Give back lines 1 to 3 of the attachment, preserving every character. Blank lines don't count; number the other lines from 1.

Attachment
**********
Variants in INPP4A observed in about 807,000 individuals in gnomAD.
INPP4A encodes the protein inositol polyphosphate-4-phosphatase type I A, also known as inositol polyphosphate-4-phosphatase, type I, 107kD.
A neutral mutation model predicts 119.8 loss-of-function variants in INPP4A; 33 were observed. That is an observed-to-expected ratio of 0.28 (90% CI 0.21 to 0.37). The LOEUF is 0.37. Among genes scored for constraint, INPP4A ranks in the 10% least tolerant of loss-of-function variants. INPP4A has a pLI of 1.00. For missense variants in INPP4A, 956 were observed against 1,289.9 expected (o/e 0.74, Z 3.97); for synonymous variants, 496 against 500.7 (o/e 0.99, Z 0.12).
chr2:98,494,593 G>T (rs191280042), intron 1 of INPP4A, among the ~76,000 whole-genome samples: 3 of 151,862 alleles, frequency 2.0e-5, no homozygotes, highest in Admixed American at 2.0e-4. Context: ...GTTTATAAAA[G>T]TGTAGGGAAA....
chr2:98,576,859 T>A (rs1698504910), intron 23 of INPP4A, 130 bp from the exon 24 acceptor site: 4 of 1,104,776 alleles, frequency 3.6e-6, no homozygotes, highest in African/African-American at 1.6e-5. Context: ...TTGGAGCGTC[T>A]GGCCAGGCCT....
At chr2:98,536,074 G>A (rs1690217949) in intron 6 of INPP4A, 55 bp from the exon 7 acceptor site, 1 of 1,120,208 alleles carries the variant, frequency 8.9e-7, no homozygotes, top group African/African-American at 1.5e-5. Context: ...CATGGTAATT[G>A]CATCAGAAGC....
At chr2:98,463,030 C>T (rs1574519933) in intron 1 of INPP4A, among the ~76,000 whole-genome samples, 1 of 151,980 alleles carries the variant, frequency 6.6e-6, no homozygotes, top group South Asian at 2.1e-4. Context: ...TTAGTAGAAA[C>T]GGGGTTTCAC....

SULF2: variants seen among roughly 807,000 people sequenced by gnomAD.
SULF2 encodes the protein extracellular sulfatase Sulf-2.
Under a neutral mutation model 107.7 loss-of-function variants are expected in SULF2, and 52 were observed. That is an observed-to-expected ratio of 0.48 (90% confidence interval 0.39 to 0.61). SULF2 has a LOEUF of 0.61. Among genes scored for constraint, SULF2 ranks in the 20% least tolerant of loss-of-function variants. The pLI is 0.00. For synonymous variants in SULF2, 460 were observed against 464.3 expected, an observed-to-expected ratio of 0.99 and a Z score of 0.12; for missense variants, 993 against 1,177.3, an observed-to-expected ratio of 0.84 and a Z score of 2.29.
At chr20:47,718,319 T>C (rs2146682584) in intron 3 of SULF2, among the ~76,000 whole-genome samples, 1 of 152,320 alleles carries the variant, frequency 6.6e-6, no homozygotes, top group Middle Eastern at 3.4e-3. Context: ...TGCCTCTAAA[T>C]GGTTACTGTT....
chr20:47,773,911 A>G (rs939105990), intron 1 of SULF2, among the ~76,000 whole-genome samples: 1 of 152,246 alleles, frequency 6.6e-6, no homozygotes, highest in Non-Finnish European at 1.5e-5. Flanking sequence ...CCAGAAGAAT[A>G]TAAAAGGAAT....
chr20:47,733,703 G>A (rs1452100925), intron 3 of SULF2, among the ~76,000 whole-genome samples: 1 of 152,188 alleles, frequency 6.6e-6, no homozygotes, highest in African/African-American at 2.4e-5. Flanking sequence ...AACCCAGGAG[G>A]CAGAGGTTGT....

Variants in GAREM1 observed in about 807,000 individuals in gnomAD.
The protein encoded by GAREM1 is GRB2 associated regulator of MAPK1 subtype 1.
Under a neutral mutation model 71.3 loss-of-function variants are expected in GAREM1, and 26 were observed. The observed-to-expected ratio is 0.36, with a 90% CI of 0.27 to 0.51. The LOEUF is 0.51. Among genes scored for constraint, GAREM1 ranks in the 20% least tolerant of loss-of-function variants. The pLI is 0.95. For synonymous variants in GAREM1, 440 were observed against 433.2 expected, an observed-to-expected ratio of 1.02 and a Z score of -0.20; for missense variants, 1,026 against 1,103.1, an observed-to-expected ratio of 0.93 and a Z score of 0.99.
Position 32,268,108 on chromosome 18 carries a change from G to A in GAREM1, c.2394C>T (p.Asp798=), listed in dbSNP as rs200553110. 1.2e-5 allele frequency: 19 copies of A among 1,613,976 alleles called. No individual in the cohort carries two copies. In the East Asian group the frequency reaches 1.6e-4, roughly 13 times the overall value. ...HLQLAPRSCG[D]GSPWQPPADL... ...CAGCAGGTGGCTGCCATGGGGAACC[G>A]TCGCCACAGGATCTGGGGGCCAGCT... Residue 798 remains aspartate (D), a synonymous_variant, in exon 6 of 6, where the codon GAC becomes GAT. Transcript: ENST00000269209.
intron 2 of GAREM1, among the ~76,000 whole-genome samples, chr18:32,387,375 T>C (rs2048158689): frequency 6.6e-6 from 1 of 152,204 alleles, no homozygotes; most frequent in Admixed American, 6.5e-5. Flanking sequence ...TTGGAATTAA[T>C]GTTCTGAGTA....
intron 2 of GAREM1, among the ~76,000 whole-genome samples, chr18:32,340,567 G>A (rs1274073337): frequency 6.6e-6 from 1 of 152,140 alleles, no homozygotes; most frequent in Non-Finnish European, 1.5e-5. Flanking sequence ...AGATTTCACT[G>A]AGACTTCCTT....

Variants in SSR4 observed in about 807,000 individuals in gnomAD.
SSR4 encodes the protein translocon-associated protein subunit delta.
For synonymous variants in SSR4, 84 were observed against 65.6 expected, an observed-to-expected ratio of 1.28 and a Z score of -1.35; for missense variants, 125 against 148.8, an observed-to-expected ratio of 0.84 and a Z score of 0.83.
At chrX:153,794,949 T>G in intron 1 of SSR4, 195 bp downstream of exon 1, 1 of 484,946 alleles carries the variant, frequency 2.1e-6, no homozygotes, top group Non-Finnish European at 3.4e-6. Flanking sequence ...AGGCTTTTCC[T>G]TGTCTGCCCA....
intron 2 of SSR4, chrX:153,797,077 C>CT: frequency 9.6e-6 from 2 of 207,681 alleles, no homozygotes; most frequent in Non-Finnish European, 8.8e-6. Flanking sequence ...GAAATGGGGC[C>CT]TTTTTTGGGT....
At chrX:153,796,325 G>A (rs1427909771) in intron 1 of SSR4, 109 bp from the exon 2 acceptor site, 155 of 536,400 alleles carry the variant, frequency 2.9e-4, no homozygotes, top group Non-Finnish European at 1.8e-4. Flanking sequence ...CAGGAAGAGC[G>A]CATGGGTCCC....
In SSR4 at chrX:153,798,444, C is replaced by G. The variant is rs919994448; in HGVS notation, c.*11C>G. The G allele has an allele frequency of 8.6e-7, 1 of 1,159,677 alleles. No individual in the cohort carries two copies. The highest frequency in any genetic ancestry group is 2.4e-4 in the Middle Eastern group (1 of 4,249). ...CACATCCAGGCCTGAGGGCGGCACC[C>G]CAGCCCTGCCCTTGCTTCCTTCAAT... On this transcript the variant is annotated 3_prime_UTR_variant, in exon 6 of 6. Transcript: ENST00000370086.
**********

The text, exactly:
Variants in INPP4A observed in about 807,000 individuals in gnomAD.
INPP4A encodes the protein inositol polyphosphate-4-phosphatase type I A, also known as inositol polyphosphate-4-phosphatase, type I, 107kD.
A neutral mutation model predicts 119.8 loss-of-function variants in INPP4A; 33 were observed. That is an observed-to-expected ratio of 0.28 (90% CI 0.21 to 0.37). The LOEUF is 0.37. Among genes scored for constraint, INPP4A ranks in the 10% least tolerant of loss-of-function variants. INPP4A has a pLI of 1.00. For missense variants in INPP4A, 956 were observed against 1,289.9 expected (o/e 0.74, Z 3.97); for synonymous variants, 496 against 500.7 (o/e 0.99, Z 0.12).